4 Ways for Talking to Someone Struggling with Addiction
Communication is the key to a successful and happy relationship. Whether it’s a family member or romantic partner, establishing a channel of trust is the foundation for a healthy relationship. However, communicating with a loved one that is struggling with an addiction can be confusing, frustrating and self-demoralizing, simply because addiction can change the way that people think. Here are 4 tips to follow if you are having a difficult time communicating with someone who is struggling with addiction:
Be Kind and Understanding with Someone Struggling with Addiction
Through your words and actions, you should demonstrate empathy and understanding towards an individual that may be experiencing physical and mental stress. Addictions have become a stigmatized issue in modern society, where blame and condemnation are cast upon people with addictions instead of patience and a willingness to help. It is important to understand that someone struggling with an addiction and have the capacity to know that addiction does not define a person. Learning to forgive and making amends can go a long way in re-establishing a healthy relationship.
Listen to Their Struggles
It’s easy to preach when you know one side of the story; you may want to berate or vent your frustration about your loved one’s addiction, but instead, do everything you can to understand their story. For everything that you say, listen twice as long. Withhold judgement and prejudice and simply listen to them talk about their current condition, how their addiction began, and how their addiction makes them feel. Individuals struggling with addictions are more likely to explain their feelings and hardships if they know they will be heard without criticisms or disappointment.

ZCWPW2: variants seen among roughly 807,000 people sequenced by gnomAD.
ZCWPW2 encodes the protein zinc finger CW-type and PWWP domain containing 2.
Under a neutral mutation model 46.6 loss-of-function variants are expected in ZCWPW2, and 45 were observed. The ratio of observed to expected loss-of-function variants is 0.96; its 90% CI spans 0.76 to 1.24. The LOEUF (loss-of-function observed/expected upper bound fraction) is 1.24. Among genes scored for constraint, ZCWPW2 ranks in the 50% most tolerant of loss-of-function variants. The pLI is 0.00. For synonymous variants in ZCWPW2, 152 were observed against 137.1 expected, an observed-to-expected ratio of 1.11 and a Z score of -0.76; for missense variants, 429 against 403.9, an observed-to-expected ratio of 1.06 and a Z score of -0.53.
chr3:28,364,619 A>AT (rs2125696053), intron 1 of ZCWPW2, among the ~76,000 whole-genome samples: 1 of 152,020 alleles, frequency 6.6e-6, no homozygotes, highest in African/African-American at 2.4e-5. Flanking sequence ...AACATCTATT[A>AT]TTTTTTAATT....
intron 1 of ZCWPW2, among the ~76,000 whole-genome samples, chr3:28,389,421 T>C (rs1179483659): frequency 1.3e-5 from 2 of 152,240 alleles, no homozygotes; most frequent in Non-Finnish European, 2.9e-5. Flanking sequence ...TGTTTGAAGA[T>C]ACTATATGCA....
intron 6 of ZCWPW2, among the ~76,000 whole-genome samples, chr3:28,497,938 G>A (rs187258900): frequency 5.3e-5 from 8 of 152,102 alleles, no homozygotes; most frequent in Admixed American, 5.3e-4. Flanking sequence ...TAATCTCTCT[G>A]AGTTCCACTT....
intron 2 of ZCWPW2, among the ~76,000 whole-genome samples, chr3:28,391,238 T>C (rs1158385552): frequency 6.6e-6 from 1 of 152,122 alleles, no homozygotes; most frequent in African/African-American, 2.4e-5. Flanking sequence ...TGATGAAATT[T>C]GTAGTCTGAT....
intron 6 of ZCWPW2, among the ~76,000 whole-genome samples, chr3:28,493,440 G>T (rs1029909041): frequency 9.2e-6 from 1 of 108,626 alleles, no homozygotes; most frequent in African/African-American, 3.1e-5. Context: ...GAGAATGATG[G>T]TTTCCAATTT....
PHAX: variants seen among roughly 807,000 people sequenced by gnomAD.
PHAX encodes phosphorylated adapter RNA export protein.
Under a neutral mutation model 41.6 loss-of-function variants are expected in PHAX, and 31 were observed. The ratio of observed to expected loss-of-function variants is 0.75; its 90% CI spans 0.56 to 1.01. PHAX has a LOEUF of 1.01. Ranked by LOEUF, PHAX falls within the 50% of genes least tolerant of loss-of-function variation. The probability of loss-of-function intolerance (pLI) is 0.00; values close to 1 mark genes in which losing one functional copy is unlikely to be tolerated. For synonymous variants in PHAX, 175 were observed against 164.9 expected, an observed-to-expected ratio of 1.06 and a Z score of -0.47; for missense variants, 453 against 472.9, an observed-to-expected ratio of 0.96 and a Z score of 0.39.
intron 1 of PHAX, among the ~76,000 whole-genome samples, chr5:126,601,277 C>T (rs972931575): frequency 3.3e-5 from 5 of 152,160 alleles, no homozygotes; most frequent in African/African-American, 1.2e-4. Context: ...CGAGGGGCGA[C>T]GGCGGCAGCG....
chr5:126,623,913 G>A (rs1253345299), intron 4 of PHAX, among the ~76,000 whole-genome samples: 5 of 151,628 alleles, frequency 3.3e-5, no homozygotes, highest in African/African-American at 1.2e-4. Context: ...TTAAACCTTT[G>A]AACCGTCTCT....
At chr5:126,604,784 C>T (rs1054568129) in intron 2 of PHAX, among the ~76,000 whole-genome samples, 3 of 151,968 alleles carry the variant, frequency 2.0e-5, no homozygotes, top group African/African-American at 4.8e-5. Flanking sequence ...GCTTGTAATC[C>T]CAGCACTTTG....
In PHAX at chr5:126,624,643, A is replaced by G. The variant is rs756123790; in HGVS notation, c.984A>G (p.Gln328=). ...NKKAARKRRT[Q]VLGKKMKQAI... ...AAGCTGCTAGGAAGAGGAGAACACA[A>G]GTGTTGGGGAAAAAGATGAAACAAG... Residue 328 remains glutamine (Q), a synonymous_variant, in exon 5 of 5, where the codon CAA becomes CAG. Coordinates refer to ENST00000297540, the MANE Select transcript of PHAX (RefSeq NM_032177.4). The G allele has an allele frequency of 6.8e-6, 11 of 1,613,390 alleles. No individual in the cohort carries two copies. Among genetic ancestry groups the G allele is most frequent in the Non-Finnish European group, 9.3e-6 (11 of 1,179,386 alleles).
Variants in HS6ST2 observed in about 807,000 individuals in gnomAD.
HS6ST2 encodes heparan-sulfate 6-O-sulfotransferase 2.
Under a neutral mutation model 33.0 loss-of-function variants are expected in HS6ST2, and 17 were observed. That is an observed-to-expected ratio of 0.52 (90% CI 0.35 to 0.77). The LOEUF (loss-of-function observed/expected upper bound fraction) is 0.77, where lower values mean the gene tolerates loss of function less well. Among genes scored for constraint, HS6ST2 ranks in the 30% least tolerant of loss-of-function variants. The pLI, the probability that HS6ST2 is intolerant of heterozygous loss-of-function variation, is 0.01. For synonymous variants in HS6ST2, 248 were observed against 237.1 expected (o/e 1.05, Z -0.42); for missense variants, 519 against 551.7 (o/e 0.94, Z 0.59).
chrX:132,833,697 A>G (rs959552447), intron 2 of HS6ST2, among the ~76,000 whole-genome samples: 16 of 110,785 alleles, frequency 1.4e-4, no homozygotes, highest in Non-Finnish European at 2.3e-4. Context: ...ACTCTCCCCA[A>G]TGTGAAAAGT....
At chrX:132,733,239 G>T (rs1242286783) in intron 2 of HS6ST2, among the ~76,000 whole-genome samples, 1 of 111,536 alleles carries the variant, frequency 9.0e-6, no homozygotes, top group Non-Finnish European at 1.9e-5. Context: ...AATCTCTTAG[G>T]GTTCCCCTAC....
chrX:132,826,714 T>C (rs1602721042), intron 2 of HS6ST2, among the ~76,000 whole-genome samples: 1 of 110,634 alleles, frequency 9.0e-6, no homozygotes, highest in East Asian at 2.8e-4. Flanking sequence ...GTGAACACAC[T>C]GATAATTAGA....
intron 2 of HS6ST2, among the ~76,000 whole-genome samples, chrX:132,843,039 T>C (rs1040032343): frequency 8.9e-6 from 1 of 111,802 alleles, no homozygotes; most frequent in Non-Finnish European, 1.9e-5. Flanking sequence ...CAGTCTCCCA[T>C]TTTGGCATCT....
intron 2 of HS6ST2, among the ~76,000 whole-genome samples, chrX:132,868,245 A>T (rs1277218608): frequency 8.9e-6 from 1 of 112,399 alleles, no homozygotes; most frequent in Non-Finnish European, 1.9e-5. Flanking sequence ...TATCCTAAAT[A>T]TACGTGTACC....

Help Them Receive the Help They Need
People with addictions are often the last to admit they have an addiction and may come to terms with it far later than their friends and family have. Addictions are stigmatized which may discourage individuals from speaking out and finding help due to fear they may be discriminated against. Help them find the necessary resources to assist them emotionally or physically, and if they refuse, you may wish to look for help yourself. Living with an addict or seeing a loved one struggle can take a toll on your emotional state and may prevent you from thinking clearly or functioning properly in your own life.
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